State Roundup, December 4, 2009

The U.S Senate passed a measure to boost insurance coverage of mammograms, its first vote associated with the health care legislation that it will be working on in coming months, Paul West reports in The Baltimore Sun. The measure was proposed by Sen. Barbara Mikulski, in part as a response to a government recommendation that women don’t need the breast cancer screenings before age 50.

Officials are weighing whether to enact policy changes to the unemployment insurance program that would make the state eligible for $126 million in federal aid, but some say it has strings attached that could hurt businesses, Doug Tallman reports in The Gazette.

The Anne Arundel County Council might push back its vote on slots zoning, which was scheduled for next week and could make or break a proposal to put a casino at Arundel Mills Mall. Nicole Fuller and Laura Smitherman report in The Sun that the move comes in response to one council member’s decision to recuse himself from the decision.

The folks at Inside Charm City have a look at the expense reports filed by Maryland’s congressional delegation. This includes more than $1,500 spent on bottled water in a quarter by U.S. House Majority Leader Steny Hoyer.

Gov. Martin O’Malley plans to limit the state’s oyster harvest by expanding the Chesapeake Bay’s existing sanctuaries for the shellfish, Tim Wheeler reports in The Sun, but the plan is not so popular with watermen. The Washington Post reports that the move will ban harvests in 24 percent of the state’s best grounds. Here’s The Gazette’s take.

The University System of Maryland is joining 23 school systems in pledging to increase its minority graduation rate within five years, Julekha Dash reports in the Baltimore Business Journal.

Blair Lee reminisces about Gov. Marvin Mandel’s trial and its parallels to Mayor Sheila Dixon’s case.

Higher hospital bills and assessments against hospital operating budgets might be used to make up a series of cuts that the state’s Board of Public Works reduced from the state’s Medicaid payments to hospitals, Benjamin Ford reports in The Gazette.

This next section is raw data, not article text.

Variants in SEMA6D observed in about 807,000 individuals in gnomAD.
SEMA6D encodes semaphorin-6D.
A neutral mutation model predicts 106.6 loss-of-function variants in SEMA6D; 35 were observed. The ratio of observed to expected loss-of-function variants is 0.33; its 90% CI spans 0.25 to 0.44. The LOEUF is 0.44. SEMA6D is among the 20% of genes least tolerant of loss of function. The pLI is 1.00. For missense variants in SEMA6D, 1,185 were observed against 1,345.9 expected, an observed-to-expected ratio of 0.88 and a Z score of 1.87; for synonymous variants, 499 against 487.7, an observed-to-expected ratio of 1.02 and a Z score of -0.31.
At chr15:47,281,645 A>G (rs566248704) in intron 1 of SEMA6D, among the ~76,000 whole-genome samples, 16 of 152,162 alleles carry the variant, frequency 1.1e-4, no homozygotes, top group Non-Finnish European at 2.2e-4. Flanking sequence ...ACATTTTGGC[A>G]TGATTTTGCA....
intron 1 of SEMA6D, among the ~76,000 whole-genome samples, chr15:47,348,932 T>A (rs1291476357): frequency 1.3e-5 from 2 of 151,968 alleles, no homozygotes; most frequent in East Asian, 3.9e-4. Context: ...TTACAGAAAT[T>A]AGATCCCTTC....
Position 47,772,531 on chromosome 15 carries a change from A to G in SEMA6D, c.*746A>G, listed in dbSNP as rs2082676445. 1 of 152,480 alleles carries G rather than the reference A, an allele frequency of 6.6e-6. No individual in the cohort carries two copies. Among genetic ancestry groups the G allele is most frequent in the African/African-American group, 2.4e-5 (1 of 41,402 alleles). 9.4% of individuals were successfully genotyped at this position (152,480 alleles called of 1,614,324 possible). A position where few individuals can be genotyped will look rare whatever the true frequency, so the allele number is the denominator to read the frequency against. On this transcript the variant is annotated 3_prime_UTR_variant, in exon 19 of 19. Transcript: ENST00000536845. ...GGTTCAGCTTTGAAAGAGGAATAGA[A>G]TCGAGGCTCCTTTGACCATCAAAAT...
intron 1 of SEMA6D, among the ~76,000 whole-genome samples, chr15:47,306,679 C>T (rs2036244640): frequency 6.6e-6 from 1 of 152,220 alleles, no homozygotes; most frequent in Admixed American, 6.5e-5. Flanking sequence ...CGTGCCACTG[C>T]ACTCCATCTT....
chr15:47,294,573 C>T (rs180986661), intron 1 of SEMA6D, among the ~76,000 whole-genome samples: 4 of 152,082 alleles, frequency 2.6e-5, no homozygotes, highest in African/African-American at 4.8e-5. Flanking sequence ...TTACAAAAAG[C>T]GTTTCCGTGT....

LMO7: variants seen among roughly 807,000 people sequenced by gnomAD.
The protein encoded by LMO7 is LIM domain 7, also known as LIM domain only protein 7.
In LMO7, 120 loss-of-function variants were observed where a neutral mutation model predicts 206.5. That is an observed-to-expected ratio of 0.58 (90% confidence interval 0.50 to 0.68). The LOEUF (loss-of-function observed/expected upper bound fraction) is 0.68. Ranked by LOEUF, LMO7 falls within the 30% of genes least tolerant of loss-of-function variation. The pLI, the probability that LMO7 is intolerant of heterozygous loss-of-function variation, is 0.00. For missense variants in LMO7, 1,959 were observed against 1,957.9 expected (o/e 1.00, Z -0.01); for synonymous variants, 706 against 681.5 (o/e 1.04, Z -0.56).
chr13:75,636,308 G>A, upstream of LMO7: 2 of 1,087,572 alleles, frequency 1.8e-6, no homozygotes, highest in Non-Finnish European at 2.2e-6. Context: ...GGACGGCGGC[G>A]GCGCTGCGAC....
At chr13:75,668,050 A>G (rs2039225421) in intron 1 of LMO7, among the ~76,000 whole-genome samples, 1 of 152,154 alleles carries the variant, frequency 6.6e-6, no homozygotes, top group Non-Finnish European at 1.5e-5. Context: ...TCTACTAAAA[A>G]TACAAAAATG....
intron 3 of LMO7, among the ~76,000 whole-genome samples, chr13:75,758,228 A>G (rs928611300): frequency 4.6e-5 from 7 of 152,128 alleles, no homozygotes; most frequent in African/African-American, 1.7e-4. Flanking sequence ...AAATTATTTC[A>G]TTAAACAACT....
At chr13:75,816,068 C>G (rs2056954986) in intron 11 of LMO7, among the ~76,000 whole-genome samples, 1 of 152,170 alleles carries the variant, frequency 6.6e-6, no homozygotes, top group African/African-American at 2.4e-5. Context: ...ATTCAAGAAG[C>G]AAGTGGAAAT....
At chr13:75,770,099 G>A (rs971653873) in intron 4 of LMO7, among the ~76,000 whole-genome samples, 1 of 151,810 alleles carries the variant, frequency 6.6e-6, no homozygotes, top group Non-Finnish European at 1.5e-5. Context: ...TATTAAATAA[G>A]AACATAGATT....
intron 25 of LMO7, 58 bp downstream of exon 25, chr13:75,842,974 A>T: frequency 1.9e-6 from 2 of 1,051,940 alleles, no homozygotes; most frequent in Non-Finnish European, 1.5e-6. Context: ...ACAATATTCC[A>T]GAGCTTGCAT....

The U.S. Supreme Court declined to hear a challenge of the Maryland law that limits corporate funeral home ownership to a few licenses, Heather Keels reports in The (Hagerstown) Herald-Mail.  All other funeral home owners must be certified as funeral directors.

The Daily Record runs an editorial on the risks and benefits of the state’s 50-year deal to give up control of Seagirt Marine Terminal. A private company will take it over the public port facility and make improvements the state says it can’t afford.

Hunting and fishing violations are up while the number of Natural Resources police are down, according to Margie Hyslop in The Gazette.

The Reporter’s Notebook in The Gazette ruminates about a possible return to politics of ex-Sen. John Gianetti via the Anne Arundel County Council and energy talk from Sen. Catherine Pugh.

In The Gazette, Barry Rascovar presents a game-changing strategy for Bob Ehrlich to retake the governor’s mansion.

About The Author

Len Lazarick

Len Lazarick was the founding editor and publisher of and is currently the president of its nonprofit corporation and chairman of its board He was formerly the State House bureau chief of the daily Baltimore Examiner from its start in April 2006 to its demise in February 2009. He was a copy editor on the national desk of the Washington Post for eight years before that, and has spent decades covering Maryland politics and government.

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